Alexandria Ocasio-Cortez in midtown New York City.
Mark Lennihan/Associated Press
comparison / power

AOC Thinks Billionaires Are a Threat to Democracy. So Did Our Founders.

The idea that democracy and billionaires are incompatible might seem radical to conservatives. But to America’s founders, it seemed like common sense.
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Compare AOC’s first argument — that the simultaneous existence of billionaires and poverty is immoral, and thus justifies steeply progressive taxation — with Thomas Jefferson’s reflections in 1785. During a visit to the French countryside, Jefferson found himself scandalized by “the condition of the labouring poor.” In a letter to James Madison, Jefferson wrote that the extremity of European inequality was not only morally suspect, but economically inefficient. Aristocrats had grown so wealthy, they were happy to leave their lands uncultivated, even as masses of idle workers were eager to improve it. Thus, these proto-billionaires undermined both the peasants’ ability to transcend mere subsistence, and their society’s capacity to develop economically:

 [T]he solitude of my walk led me into a train of reflections on that unequal division of property which occasions the numberless instances of wretchedness which I had observed in this country and is to be observed all over Europe. The property of this country is absolutely concentered in a very few hands…I asked myself what could be the reason that so many should be permitted to beg who are willing to work, in a country where there is a very considerable proportion of uncultivated lands? These lands are kept idle mostly for the aske of game. It should seem then that it must be because of the enormous wealth of the proprietors which places them above attention to the increase of their revenues by permitting these lands to be laboured.

Here is how Jefferson proposes to address the obscene coexistence of concentrated wealth and underemployed workers:
 
I am conscious that an equal division of property is impracticable. But the consequences of this enormous inequality producing so much misery to the bulk of mankind, legislators cannot invent too many devices for subdividing property, only taking care to let their subdivisions go hand in hand with the natural affections of the human mind. The descent of property of every kind therefore to all the children, or to all the brothers and sisters, or other relations in equal degree is a politic measure, and a practicable one. Another means of silently lessening the inequality of property is to exempt all from taxation below a certain point, and to tax the higher portions of property in geometrical progression as they rise. Whenever there is in any country, uncultivated lands and unemployed poor, it is clear that the laws of property have been so far extended as to violate natural right…It is too soon yet in our country to say that every man who cannot find employment but who can find uncultivated land, shall be at liberty to cultivate it, paying a moderate rent. But it is not too soon to provide by every possible means that as few as possible shall be without a little portion of land. The small landholders are the most precious part of a state. [Emphasis mine.]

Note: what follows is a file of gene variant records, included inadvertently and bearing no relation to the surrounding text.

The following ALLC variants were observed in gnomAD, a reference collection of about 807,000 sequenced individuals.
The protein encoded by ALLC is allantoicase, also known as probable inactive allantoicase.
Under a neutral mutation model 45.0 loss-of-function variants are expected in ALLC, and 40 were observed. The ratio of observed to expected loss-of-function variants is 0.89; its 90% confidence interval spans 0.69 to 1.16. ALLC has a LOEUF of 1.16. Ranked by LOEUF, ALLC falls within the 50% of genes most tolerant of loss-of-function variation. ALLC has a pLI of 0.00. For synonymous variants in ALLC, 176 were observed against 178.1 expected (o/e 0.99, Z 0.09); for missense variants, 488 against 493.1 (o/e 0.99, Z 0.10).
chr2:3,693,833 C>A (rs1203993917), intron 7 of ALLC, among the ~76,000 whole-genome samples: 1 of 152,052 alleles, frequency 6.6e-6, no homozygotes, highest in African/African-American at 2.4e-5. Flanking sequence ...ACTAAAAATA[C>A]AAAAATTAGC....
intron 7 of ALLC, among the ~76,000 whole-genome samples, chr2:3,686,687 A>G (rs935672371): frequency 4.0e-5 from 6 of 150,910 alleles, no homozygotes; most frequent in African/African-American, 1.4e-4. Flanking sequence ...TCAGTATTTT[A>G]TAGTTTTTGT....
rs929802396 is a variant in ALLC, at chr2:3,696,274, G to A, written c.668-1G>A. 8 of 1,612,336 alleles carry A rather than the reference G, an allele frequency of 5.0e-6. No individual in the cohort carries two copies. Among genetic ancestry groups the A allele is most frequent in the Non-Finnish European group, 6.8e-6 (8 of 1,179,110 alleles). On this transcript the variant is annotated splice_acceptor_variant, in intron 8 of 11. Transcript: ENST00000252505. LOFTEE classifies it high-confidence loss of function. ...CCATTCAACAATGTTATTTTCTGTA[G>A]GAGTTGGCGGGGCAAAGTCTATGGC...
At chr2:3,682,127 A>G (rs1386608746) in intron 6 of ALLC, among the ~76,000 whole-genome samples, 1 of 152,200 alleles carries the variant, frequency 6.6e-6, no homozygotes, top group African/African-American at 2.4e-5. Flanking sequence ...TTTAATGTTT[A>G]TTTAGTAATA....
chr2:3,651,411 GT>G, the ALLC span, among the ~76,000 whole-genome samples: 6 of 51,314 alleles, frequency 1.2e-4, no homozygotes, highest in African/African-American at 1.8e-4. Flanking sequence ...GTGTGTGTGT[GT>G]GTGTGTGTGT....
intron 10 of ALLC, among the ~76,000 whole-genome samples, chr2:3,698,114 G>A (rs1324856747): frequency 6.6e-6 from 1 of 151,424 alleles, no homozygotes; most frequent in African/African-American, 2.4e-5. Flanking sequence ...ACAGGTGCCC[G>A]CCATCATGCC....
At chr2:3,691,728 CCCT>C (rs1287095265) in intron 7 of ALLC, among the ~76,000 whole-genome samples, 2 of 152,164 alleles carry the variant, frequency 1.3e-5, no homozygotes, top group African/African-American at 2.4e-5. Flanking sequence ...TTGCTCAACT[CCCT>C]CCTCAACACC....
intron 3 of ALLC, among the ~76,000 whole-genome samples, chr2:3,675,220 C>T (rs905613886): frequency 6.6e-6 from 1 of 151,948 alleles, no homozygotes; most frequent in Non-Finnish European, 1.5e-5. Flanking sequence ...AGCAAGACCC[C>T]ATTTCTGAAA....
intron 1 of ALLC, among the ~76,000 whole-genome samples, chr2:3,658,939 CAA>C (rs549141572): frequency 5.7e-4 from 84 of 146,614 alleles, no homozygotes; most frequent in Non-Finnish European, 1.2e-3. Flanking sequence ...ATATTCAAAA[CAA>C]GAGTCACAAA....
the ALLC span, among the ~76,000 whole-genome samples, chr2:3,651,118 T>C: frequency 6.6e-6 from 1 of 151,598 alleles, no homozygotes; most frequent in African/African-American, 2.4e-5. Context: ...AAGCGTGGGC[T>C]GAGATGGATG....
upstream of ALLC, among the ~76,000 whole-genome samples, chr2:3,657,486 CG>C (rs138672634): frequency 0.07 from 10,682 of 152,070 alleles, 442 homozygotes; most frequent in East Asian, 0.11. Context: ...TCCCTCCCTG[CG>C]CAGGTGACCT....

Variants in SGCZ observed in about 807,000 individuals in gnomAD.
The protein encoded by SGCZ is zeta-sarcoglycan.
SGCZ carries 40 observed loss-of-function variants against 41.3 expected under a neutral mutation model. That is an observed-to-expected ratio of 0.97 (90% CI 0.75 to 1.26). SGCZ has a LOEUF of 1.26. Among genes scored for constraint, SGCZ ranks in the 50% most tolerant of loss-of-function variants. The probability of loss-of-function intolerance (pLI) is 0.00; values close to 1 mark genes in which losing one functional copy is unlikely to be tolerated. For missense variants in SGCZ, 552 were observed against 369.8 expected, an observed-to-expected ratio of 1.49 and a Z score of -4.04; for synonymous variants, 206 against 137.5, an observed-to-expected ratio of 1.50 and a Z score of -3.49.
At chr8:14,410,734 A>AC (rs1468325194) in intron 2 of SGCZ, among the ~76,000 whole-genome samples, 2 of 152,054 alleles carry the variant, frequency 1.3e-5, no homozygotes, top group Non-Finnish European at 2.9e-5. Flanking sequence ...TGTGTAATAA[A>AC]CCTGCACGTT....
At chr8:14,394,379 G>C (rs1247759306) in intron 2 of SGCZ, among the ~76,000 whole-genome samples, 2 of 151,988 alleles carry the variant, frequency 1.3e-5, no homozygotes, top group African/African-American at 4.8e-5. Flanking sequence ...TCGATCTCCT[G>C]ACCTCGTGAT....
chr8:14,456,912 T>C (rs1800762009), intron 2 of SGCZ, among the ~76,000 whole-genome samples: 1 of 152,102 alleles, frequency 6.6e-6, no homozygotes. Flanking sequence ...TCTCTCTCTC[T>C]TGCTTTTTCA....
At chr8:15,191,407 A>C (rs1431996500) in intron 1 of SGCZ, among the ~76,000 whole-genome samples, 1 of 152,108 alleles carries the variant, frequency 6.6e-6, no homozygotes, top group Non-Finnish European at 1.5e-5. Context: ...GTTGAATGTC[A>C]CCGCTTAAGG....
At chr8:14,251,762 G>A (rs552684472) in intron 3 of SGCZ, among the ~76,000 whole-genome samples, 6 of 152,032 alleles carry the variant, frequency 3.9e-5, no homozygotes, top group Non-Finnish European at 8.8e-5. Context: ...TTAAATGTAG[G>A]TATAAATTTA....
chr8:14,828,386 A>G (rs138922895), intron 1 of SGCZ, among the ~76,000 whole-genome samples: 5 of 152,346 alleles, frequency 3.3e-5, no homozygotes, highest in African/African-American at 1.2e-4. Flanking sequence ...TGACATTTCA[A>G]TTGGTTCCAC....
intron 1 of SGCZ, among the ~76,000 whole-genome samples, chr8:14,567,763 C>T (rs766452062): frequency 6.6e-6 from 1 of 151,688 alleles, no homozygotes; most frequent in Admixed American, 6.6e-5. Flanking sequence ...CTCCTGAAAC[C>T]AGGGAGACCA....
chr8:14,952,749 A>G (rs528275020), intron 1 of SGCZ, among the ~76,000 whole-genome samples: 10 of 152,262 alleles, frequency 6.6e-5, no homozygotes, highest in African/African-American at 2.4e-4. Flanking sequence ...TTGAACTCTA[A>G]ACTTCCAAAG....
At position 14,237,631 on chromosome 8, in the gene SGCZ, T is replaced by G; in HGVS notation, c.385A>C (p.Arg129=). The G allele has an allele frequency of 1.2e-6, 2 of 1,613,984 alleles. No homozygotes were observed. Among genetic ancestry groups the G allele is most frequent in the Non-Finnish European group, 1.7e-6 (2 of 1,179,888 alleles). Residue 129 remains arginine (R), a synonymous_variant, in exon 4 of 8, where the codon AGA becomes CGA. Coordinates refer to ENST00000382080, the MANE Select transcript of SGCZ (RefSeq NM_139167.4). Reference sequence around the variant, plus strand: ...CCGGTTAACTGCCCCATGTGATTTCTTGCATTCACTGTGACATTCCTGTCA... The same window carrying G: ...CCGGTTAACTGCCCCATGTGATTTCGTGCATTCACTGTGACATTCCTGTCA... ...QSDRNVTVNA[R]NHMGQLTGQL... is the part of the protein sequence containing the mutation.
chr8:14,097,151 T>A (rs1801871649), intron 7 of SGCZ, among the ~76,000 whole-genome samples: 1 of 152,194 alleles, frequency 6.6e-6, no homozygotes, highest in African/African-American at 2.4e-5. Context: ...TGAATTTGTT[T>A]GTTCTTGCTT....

If Ocasio-Cortez’s views are un-American, then surely these words from our third president’s are, as well.

To be sure, Jefferson’s views on the propriety of wealth redistribution were hardly consistent. And, of course, the slave owner was never concerned with minimizing the number of landless African-Americans or women in the United States. What’s more, the bulk of America’s founders regarded wealth redistribution as a species of majoritarian tyranny, and designed the Constitution to guard against such despotism.

My point here isn’t to suggest that AOC is channeling the sacred wisdom of our republic’s founding racists. Rather, it’s that she’s channeling one deeply rooted strain of American thought on economic morality.
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